3 Principles for Successful Cloud Relationships with Financial Firms

3 Principles for Successful Cloud Relationships with Financial Firms

Businesses today are relying more and more on the cloud to meet their computing and data storage needs. The benefits are many – reduced costs, operational efficiencies, flexibility and scalability, enhanced ability to quickly deliver new capabilities and services to clients, etc.

Financial services firms hold significant amounts of sensitive data, in a highly-regulated environment, that can’t be offline even for a second. The decision to migrate from legacy computing platforms to the cloud often faces several challenges and key questions such as:

1) Will it meet our security requirements?

2) Will it be reliable?

3) Will my regulators approve of its use?

To answer these questions, FSR’s Technology Collaborators brought together leading cloud service providers, other technology innovators and financial services firms to identify key shared principles for successful cloud adoption. This produced a white paper, Data Security, Integrity and Accessibility in the Cloud: Shared Responsibility Principles for Financial Services Institutions & Cloud Service Providers. This paper addresses cross-cutting areas of concern for financial executives and provides recommendations to help build trust and transparency between the financial institution (FI) and the cloud service provider (CSP) necessary for a successful transition to the cloud.

The paper details three principles jointly developed by FSR member firms and cloud service providers to enable the agility, security and compliance financial executives seek.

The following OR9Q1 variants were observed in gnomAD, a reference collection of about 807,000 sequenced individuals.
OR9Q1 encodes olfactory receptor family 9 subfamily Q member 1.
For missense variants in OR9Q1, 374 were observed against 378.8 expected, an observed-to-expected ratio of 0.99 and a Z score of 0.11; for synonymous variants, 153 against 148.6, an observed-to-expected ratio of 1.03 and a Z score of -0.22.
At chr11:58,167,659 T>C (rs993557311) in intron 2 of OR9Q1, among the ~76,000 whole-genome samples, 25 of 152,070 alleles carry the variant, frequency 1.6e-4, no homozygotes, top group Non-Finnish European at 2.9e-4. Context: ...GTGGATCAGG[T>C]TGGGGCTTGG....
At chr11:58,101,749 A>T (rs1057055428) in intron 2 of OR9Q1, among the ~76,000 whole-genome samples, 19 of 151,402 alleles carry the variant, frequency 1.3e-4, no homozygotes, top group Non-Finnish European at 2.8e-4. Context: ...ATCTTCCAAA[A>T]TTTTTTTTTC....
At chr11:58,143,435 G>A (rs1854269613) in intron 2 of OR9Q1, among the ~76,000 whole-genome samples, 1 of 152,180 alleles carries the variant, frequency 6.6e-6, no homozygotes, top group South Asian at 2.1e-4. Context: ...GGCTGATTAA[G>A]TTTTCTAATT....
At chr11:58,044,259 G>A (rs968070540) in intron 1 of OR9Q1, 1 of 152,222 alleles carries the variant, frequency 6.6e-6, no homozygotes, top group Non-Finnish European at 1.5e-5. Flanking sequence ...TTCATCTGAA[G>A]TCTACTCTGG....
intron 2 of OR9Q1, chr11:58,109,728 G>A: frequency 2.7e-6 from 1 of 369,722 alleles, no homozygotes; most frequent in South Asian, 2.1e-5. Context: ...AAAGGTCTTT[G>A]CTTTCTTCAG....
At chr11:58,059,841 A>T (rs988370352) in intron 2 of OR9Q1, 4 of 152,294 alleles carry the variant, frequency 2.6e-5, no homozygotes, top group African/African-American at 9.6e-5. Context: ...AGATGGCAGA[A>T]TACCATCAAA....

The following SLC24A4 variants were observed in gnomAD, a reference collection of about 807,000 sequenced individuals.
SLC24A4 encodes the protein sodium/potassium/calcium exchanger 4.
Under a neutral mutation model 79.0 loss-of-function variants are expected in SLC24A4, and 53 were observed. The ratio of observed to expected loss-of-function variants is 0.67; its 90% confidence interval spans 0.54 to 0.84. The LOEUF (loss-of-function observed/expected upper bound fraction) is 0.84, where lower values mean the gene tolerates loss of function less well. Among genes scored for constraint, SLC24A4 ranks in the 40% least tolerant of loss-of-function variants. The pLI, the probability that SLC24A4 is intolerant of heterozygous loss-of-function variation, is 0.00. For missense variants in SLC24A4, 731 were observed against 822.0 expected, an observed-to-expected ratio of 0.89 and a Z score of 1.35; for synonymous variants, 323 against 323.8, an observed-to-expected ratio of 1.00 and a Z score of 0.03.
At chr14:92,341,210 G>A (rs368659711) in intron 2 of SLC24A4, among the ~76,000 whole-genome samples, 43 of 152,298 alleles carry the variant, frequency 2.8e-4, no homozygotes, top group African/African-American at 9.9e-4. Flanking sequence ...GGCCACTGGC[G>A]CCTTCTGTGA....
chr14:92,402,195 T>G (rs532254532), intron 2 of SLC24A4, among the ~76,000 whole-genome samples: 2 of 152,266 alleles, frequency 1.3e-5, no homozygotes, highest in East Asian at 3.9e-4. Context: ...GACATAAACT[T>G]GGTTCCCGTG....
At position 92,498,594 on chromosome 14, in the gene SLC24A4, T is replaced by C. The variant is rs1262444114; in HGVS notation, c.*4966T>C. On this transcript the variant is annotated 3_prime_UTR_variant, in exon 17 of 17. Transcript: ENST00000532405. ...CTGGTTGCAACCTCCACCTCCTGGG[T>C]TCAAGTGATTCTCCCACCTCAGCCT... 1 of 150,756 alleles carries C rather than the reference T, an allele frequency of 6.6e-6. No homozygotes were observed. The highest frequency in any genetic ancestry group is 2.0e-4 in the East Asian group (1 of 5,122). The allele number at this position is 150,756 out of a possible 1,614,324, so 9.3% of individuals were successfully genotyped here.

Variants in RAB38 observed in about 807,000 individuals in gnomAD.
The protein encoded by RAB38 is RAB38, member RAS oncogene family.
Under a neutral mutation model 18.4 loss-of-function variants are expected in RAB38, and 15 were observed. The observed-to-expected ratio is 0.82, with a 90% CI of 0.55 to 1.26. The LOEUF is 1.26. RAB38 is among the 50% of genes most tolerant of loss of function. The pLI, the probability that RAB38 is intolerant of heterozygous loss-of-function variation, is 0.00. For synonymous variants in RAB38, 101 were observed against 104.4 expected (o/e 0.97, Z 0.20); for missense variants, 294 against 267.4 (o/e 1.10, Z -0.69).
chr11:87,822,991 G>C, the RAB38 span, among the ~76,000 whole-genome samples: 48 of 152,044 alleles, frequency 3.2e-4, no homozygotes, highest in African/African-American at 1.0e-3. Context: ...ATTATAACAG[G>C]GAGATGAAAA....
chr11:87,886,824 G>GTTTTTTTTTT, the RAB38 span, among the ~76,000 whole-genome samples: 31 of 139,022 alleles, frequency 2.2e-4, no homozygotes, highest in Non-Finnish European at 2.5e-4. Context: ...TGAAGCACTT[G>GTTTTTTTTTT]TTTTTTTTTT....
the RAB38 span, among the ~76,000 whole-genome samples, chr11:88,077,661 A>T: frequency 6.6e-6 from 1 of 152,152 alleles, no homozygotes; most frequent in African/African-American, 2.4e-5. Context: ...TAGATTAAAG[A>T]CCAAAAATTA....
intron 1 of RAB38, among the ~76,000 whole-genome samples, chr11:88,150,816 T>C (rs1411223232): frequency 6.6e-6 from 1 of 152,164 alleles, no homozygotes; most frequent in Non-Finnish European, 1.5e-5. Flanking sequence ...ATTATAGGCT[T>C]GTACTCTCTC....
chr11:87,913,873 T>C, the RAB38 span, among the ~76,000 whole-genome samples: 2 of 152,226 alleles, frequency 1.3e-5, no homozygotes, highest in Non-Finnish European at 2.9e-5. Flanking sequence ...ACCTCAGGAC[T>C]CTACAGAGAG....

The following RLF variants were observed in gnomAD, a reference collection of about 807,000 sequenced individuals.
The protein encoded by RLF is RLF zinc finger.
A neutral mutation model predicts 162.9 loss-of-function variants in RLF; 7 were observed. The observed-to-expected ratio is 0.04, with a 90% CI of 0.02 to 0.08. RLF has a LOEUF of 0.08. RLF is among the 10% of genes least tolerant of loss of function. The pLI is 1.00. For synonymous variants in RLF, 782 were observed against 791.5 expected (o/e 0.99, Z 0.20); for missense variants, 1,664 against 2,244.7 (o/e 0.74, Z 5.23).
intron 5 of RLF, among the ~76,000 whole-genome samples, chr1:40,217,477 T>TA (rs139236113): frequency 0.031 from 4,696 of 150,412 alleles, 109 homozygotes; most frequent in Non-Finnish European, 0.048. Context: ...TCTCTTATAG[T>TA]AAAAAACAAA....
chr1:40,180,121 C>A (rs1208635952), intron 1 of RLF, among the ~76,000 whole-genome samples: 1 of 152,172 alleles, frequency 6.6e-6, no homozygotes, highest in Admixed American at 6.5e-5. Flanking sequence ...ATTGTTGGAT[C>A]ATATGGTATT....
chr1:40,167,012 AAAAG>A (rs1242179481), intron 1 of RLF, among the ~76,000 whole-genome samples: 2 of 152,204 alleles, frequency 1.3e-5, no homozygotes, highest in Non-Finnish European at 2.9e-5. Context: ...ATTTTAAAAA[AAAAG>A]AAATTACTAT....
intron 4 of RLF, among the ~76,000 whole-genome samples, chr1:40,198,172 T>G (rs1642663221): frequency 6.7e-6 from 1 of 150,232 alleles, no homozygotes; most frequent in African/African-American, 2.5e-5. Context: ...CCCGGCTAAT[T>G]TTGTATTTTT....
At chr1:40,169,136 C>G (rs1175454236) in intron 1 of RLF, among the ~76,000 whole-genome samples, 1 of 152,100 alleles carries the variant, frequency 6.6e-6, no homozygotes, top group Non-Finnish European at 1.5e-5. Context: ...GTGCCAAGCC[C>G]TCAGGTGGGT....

• Cloud migrations depend upon trust and transparency. The use of risk management frameworks, cloud deployment models, and contractual and legal considerations such as data use, breach notification, and compliance with security standards are all complicated questions where firms can learn from one another. Our white paper includes recommendations around these questions. For example, CSPs should make available the information required to support the FI’s assessment including periodic access to certification, attestation and continuous monitoring documentation.  The cloud migration process should also include discussion of data management practices, including what must remain under the FI’s control, data portability, data segregation, multi-user tenancy and data recoverability.
  • Cloud security responsibilities are allocated between CSPs and FIs. There are common cloud service models and distribution of responsibilities and accountability for operating and managing security controls. Regardless of the chosen service model, it is critical that the FI and CSP clearly understand the boundaries of the relationship and document the responsibilities for operation, management and reporting for each security requirement. Through this process, the FI should include in the agreement the level of oversight or visibility they will have into security functions outside their control.
  • Cloud resilience depends upon cloud architecture and user configurations. Our paper details ways to help ensure service availability, such as deployment model selection, exercises to test and verify resilience, and awareness of potential concentration and subcontracting risks. Cloud computing can offer a more resilient environment than many on-premise networks; however, this depends on the CSP’s underlying infrastructure and capabilities and the FI’s vendor management practices. The FI should include resilience considerations in their cloud deployments and should carefully assess the resilience enhancements offered by CSPs such as geo-redundancy in data center selection.

As more and more services and new applications, like blockchain, will be enabled by the cloud, it is imperative that financial firms understand cloud service models and build partnerships to effectively meet their needs and those of their customers.

These principles provide financial services leaders a series of recommendations to help evaluate and build successful cloud partnerships for today and into the future.


Heather Hogsett is Vice President of Technology and Risk Strategy at Financial Services Roundtable